WHAT’S IN THIS CHAPTER?
- An overview of assemblies
- Creating assemblies
- Using application domains
- Sharing assemblies
- Sharing assemblies between different technologies
WROX.COM CODE DOWNLOADS FOR THIS CHAPTER
The wrox.com code downloads for this chapter are found at http://www.wrox.com/remtitle.cgi?isbn=1118314425 on the Download Code tab. The code for this chapter is divided into the following major examples:
- Application Domains
- Dynamic Assembly
- Shared Demo
WHAT ARE ASSEMBLIES?
An assembly is the .NET term for a deployment and configuration unit. This chapter discusses exactly what assemblies are, how they can be applied, and why they are such a useful feature.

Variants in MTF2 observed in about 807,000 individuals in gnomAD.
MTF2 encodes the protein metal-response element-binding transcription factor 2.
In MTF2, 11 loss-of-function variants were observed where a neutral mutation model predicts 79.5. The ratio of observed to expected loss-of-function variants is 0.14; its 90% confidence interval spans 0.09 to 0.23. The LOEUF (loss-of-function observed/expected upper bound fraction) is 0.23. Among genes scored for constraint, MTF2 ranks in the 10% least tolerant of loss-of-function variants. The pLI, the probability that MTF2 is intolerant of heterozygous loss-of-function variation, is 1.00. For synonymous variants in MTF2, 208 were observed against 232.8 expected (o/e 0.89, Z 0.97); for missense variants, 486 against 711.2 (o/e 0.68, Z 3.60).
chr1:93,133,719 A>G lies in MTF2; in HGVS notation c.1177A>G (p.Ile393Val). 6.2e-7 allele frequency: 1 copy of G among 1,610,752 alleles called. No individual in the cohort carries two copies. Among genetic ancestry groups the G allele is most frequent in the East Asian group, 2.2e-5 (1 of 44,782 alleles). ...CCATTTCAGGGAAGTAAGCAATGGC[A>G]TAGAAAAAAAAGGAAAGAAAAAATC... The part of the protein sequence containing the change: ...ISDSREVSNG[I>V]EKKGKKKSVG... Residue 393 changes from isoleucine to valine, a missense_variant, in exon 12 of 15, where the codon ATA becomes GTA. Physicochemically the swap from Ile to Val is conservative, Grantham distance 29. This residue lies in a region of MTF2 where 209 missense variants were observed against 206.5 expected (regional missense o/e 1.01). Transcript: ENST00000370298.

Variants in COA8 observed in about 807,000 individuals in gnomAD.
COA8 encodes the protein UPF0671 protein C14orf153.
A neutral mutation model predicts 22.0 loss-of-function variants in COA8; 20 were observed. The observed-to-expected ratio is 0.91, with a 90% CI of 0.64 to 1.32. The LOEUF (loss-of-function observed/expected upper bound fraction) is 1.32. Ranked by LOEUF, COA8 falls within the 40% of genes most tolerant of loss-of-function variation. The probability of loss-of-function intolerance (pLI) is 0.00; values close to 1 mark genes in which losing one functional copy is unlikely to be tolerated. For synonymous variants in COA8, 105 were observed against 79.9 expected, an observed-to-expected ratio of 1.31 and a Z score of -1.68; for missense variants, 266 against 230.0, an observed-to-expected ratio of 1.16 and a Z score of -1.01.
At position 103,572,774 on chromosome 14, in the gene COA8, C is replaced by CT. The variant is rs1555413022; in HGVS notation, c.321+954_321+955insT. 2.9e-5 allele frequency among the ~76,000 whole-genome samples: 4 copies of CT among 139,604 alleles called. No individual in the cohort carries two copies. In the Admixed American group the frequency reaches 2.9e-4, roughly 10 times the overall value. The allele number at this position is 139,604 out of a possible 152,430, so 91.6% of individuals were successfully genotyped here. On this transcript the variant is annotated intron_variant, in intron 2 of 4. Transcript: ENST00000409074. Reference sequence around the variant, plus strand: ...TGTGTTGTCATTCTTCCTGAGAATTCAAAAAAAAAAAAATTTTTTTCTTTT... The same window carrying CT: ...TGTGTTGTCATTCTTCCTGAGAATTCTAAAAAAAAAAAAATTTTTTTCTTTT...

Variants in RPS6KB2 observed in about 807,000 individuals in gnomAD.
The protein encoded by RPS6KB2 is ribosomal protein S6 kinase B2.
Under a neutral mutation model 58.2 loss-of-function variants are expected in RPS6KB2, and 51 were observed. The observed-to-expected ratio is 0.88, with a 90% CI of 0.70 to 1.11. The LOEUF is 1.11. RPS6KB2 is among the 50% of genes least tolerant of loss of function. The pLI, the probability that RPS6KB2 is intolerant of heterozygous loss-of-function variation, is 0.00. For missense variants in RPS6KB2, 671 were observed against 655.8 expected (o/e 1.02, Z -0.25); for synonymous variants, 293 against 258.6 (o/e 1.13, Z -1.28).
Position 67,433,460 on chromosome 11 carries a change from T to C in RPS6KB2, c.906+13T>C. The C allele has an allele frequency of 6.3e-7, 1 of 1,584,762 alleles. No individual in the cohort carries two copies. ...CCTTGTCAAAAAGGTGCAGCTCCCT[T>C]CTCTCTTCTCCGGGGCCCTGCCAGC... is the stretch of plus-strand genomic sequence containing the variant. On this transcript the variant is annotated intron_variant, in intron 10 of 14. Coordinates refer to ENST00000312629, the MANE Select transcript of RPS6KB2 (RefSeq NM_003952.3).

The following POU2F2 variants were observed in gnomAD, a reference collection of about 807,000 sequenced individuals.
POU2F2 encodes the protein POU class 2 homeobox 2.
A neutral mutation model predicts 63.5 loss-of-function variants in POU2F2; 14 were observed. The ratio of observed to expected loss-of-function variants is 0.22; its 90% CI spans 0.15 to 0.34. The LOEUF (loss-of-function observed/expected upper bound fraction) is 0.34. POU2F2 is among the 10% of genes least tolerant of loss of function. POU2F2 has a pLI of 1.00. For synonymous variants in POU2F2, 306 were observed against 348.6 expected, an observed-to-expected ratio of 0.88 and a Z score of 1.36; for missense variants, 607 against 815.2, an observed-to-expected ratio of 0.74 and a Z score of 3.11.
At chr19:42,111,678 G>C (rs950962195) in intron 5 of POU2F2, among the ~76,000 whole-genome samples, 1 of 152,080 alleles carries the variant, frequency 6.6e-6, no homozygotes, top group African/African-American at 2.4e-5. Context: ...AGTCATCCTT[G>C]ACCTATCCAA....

You will learn how to create assemblies dynamically, how to load assemblies into application domains, and how to share assemblies between different applications. The chapter also covers versioning, which is an important aspect of sharing assemblies.
Assemblies are the deployment units of .NET applications, which consist of one or more assemblies. .NET executables, with the usual extension .EXE or .DLL, are known by the term assembly. What’s the difference between an assembly and a native DLL or EXE? Although they both have the same file extension, .NET assemblies include metadata that describes all the types that are defined in the assembly, with information about its members — methods, properties, events, and fields.
The metadata of .NET assemblies also provides information about the files ...